Even early Arizonans knew a resort when they spotted one.

For centuries, members of the Yavapai and Apache tribes luxuriated in the piping-hot, therapeutic waters of a site now called Castle Hot Springs north of the Valley near Lake Pleasant. More than 200,000 gallons of 120-degree water gurgles from the earth each day at the base of rugged and remote southern Bradshaw Mountains. Native Arizonans would soak their bones and bask in the healing properties of the mineral-rich, pure thermal waters.

The storied history of the site has now come full circle, as its latest owners, Mike and Cindy Watts, are restoring Castle Hot Springs Resort to its early 20th-century splendor and expect to reopen the property in early 2018.

“We have followed Castle Hot Springs over 30 years, and we realize that ownership of this property puts a great deal of responsibility on us in order to bring this treasure back to life,” Mike Watts says. “We feel very strongly about sharing it with Arizona residents along with people around the world, as it once was.”

So tell us more. Is it true past U.S. presidents visited Castle Hot Springs?

Yes, the site was first “discovered” in 1865 as Col. Charles Craig from nearby Fort Whipple pursued a band of Apaches who had raided a mining camp just south of Prescott. Soldiers under Craig’s command encountered the spring while on a reconnaissance mission near Salvation Peak.

The land in 1896 was purchased and developed by Frank Murphy, who also owned the Congress Mine near Wickenburg. He created the original Castle Hot Springs, which became one of Arizona’s first luxury resorts. The territorial governor at the time was Murphy’s brother, Nathan Oakes Murphy, who spent winters at the resort and out of the snow of Prescott, the capital of the Arizona Territory.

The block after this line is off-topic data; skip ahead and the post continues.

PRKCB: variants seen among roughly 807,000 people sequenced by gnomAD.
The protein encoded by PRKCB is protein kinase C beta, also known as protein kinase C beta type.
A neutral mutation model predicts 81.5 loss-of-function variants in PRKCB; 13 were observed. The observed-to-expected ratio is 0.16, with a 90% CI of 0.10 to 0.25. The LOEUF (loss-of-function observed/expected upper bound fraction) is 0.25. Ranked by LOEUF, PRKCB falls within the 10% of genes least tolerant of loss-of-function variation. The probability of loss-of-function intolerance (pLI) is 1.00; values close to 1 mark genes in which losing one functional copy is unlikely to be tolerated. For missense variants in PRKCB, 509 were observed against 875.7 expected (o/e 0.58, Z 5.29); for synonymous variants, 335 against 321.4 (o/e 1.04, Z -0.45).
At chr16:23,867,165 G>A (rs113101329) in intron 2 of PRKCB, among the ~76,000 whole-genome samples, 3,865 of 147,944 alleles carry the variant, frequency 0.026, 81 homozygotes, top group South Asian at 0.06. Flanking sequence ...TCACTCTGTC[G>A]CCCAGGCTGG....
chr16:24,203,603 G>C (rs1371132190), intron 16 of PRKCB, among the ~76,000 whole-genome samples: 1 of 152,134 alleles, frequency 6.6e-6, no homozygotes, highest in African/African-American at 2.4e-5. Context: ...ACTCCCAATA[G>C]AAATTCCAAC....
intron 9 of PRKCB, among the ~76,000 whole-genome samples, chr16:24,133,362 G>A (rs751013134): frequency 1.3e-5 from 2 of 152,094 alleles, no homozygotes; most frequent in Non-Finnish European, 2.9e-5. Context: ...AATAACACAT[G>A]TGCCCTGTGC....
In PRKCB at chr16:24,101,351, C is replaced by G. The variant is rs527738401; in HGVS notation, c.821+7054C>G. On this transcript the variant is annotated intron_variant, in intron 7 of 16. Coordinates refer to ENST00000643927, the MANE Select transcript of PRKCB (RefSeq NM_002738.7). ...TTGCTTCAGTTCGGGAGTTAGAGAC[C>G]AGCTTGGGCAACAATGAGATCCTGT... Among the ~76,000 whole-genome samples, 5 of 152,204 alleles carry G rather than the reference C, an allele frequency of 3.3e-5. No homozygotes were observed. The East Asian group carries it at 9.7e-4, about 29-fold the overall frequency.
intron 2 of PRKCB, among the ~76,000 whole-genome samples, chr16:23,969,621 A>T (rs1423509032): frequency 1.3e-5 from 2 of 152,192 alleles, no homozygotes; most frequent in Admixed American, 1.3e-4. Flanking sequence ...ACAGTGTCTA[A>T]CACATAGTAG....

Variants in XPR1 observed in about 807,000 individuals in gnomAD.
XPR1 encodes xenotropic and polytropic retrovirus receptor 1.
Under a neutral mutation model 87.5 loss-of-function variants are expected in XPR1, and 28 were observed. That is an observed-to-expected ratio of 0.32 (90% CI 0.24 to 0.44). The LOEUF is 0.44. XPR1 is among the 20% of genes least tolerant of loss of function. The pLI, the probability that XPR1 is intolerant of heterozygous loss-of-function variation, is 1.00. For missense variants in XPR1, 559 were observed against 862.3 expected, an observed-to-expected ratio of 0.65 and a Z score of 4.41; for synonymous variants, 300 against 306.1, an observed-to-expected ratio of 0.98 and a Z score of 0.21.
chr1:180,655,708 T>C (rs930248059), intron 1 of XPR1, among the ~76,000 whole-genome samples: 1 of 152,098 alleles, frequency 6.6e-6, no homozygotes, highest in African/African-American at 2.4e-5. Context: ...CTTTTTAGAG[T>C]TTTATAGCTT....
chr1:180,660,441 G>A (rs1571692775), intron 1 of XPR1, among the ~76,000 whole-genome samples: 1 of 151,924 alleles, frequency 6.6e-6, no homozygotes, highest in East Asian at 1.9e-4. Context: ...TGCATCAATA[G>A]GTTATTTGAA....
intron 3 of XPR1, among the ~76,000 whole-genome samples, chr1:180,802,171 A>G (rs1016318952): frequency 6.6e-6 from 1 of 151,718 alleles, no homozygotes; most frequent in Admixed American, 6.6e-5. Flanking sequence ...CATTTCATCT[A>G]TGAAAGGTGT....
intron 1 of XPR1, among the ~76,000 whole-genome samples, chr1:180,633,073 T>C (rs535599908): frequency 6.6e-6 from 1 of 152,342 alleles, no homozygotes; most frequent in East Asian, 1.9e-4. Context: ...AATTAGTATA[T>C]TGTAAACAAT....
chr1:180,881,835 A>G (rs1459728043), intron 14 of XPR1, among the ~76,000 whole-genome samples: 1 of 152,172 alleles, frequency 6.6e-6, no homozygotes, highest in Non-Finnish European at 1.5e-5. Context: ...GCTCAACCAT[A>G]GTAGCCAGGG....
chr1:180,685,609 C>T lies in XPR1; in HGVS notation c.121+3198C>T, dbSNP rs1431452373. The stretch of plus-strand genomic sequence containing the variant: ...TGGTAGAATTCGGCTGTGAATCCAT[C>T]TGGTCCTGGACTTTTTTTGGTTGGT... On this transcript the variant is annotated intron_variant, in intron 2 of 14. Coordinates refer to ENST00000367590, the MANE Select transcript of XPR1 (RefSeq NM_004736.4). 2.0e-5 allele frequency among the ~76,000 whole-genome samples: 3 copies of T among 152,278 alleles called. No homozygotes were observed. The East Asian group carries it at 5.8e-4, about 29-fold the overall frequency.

Wealthy families in the early 1900s fled the winter weather of the East and soaked up the sunshine and warm waters of Castle Hot Springs. The Vanderbilts, Roosevelts, Carnegies and Wrigleys all frolicked in the desert splendor. Presidents Woodrow Wilson, Calvin Coolidge and Herbert Hoover each soaked away their worries as well.

Castle Hot Springs served as a rehabilitation hospice for wounded war veterans after World War II. John F. Kennedy spent three months at the resort rehab center in 1945.

In 1976, the property was destroyed by a fire and remained shuttered until the Wattses bought it in 2014. Castle Hot Springs’ signature canary yellow, two-story building that JFK stayed in remains intact and is being affectionately restored. Casitas, walkways and reconstruction of the original 4,000-square-foot pool infuse new life into the seductively quiet locale. Palm trees still sway, birds chirp, water trickles.

Unplug your phone. We’re going for a soak.

Contact “Only in Arizona” columnist Mark Nothaft at [email protected]. Send him the weird and fun facts and places found #OnlyInArizona.


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